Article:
The first NASPA institution to host the AMOSSHE exchange team is Colorado State University (CSU) in Fort Collins.
Because of the university, Fort Collins has a really college town atmosphere. Alcohol was banned in the late 1890s until student activism brought prohibition to an end in 1969 – to think of all the divisive issues the students could have protested about in the 60s, it’s good to know they chose to focus on alcohol! Nowadays Fort Collins is home to a large number of micro-breweries – well, they do have 80 years of boozing to catch up on!
CSU was founded in 1870 as the Colorado Agricultural College, and is now among the nation’s leading research universities. CSU is Fort Collins’ largest employer: the university has approximately 1,540 faculty staff and over 2,000 administrative and support staff.
CSU has about 30,000 students in total, and 25,600 on-campus. 75% are Colorado residents. 18% of students are ethnic minorities and 5% are international. CSU has A Vice President for Diversity, and was ranked number one in the US for international student satisfaction for academics and student support in the “International Student Barometer Survey” for 2013.
There are 13 residence halls with a capacity of about 5,600 students. CSU offers themed floors for people with shared interests.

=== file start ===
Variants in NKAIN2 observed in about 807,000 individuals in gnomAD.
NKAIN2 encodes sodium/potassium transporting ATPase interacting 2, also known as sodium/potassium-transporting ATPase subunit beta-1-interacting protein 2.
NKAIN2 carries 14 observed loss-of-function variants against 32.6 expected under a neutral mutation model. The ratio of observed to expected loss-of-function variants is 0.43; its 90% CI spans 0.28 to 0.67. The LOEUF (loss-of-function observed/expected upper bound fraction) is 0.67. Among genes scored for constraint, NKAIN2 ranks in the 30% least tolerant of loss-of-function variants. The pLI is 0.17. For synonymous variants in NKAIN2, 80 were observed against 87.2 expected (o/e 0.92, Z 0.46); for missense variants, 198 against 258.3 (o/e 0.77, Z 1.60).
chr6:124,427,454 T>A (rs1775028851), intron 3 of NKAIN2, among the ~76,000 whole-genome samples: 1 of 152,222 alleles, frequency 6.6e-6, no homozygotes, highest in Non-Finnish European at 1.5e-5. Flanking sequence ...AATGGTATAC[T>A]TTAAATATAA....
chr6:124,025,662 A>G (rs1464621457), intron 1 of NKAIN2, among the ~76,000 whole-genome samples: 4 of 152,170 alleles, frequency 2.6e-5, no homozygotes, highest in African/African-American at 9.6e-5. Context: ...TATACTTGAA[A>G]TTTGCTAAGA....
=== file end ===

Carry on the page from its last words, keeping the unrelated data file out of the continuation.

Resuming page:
Student Affairs at CSU
Student Affairs at CSU is committed to fostering “a campus community that supports students in the development of their unique potential, inspiring them to be active learners, successful graduates, and engaged global citizens”.
The Student Affairs Organisation chart and program of services pages below are the easiest way to see the services they offer. They offer a lot, especially when you consider health and careers education are situated separately:
One big difference to UK Student Services is CSU’s approach to disability support. Students are directly responsible for initiating the support they need, and not the university.
CSU says to students: “You actually control your own destiny. Your success or failure depends on what you do and on what you may choose not to do. For example, if your disability causes you to be disorganized, you will be expected to learn new strategies that help you become more organised.”
In 2012 more students had a peanut / gluten allergy (122) than had dyslexia (109). ADD/ADHD (518) is by far the biggest registered disability.